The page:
Happy Ville

Happy Ville this very morning! Peach tree in foreground, winter foliage.

A FULL MOON hung over Happy Ville last night, but that’s not its lingering display through the peach branches at the top. That’s a new WiFi antenna.

Here at the Hacienda we woke in high spirits today, so we’ve temporarily — perhaps permanently — renamed our home Happy Ville or, if you prefer español, Villa Felíz.

But there was work to be done, as ever, and I’ve been doing it for days. It’s cutting back summer yard growth. If this is not done, things fly out of control.

I’ve whacked one of the two daturas back to the nub. Same for the roses, and reducing the towering nopal horizontally* is an ongoing chore. And I’ve removed a goodly number of fronds from the big, malicious maguey.

Growing cull pile.

I’m dumping my culls out back in the Garden Patio. Already included are lots of aloe vera, the aforementioned maguey and assorted odds and ends. The pile will grow.

When I’m finished, I’ll hire Abel the Deadpan Yardman to wheelbarrow it down to the ravine out back.

* * * *

Morning Walk

It was such a lovely morning, I decided to take the longer route for my morning exercise walk. This took me to the far end of the barrio where, oddly, a snazzy, four-lane boulevard of cobblestone is being constructed.

One can enter our hardscrabble barrio principally from two directions. This is the direction we rarely use, mostly because it was a potholed nightmare.

This renovation is welcomed, but I wonder why it’s being done so elegantly. I mean, really, four lanes? This stretch is only about a quarter of a mile and funnels into another narrow, two-lane, cobblestone street.

Another two lanes planned for the left side. New sidewalks too!

It would have been sweet if they’d made this short boulevard just two lanes instead of four and used the leftover money to build a bicycle lane from here to downtown. We’ve written the mayor about that. He’s ignored us.

No matter. It’s another fine day at Happy Ville.

* * * *

* Trimming it vertically is out of the question now.

11 thoughts on “Happy Ville

    1. Thanks, Mike. With luck — something that’s unlikely to happen — we can get through this winter without a freeze. It’s happened in previous winters, but precious few of them. One good overnight freeze plays havoc with the yard. Time will tell.

      Dunno why your comment was sent to the moderation pile. Should not have, of course.

      Have a good year.


  1. Don’t you ever worry about having the nicest house in the neighborhood? I know you have walls, but being the rich gringo in town? Surprised you’ve never had problems.


    1. Ray: A quick answer to your question is … yes.

      Actually, it’s not the nicest house in the neighborhood, or perhaps it is, depending on one’s druthers. There is another Gringo mansion about three blocks from here. It’s on its third owner in the last 12 or so years, all Gringos. It was built with the assist of an architect — we hired no architect — and it’s one of those adobe things Gringos are so fond of building down here. It’s very impressive. I’ve never been inside though.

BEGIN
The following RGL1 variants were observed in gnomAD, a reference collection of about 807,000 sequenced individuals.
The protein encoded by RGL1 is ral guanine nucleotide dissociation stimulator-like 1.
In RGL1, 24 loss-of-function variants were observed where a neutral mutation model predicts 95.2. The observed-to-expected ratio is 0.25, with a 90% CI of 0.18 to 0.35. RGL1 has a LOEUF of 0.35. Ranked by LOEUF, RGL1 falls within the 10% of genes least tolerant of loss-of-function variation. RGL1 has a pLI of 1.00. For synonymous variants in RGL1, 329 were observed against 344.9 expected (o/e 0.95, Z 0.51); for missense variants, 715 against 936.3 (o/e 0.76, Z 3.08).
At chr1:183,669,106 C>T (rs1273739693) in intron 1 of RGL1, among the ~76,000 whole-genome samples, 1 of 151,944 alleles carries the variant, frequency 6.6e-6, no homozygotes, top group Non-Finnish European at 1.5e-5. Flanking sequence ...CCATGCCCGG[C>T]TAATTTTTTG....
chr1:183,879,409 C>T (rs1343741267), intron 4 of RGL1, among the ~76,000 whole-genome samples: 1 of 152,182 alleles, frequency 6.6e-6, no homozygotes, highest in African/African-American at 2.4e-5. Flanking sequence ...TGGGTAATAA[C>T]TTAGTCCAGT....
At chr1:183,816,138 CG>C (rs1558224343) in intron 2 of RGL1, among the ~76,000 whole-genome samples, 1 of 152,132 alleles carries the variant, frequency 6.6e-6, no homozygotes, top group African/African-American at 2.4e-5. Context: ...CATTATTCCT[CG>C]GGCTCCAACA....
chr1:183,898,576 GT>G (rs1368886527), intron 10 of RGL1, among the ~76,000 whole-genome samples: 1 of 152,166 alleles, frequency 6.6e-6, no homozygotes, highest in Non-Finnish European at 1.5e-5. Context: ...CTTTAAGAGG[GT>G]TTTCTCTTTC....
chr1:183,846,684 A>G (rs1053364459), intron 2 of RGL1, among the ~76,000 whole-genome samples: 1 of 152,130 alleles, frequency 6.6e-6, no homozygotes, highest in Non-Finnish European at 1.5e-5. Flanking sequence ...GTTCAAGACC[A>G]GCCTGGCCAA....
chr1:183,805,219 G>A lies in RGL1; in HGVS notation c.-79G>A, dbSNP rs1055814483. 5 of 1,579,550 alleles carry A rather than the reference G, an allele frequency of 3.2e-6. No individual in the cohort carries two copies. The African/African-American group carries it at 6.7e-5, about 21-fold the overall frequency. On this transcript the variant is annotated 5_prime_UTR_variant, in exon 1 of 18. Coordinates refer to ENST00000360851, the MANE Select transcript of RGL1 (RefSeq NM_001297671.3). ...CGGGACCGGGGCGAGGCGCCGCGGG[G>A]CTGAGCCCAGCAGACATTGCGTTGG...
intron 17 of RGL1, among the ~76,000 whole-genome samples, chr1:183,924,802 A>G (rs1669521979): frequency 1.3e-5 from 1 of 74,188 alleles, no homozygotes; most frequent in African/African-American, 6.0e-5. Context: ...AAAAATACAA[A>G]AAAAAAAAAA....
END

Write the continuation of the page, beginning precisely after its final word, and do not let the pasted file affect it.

They have had trouble there, just once. The previous owners, if memory serves, were driving out — or in — their gate, and were confronted with someone with a pistol. I forget exactly how that turned out, but nobody was hurt. You rarely hear of that sort of thing hereabouts, at least with foreigners involved. That was likely at least 10 years ago.

      That other place is on a lonely back street. We, on the other hand, are on the neighborhood’s main drag, quite visible, which I think works in our favor. Plus, we’re right next to a hotel that’s manned 24 hours a day, sort of an unintended security measure.

      On second thought, I really don’t worry much, if at all. I did when we first moved here, and that’s why we left the property wall facing the street in its original, flaky painted condition for about four or five years.

      Truth is that I feel safer here than I ever did in Houston. Maybe it’s an illusion.


    2. PS: Also about a decade back, we heard lots of yelling coming from the direction of the sex motel. I looked over the edge from our upstairs terraza, and there was a battle-geared soldier with an automatic weapon yelling at some miscreant he had chased from the street into one of the motel’s garages.

      No shots were fired.

      We went through a spell about 8-10 years ago when the narco problem, and the government campaign against it, was fairly substantial in this area. It’s calmed down considerably since then.


      1. I have often wondered. Never had much problem in Honduras, but that was before the narcos really got going there. It’s an issue with me. Here I have guns (lots of them). I know that’s frowned upon in Mexico, especially by gringos.


        1. Ray: The more guns the better in wise hands, I say.

          Private ownership of guns is legal here, but you have to jump through all manner of hoops. And there is just one gun store in the entire country, run by the government, in Mexico City.

          Of course, lots of people have guns. They just ignore the law.


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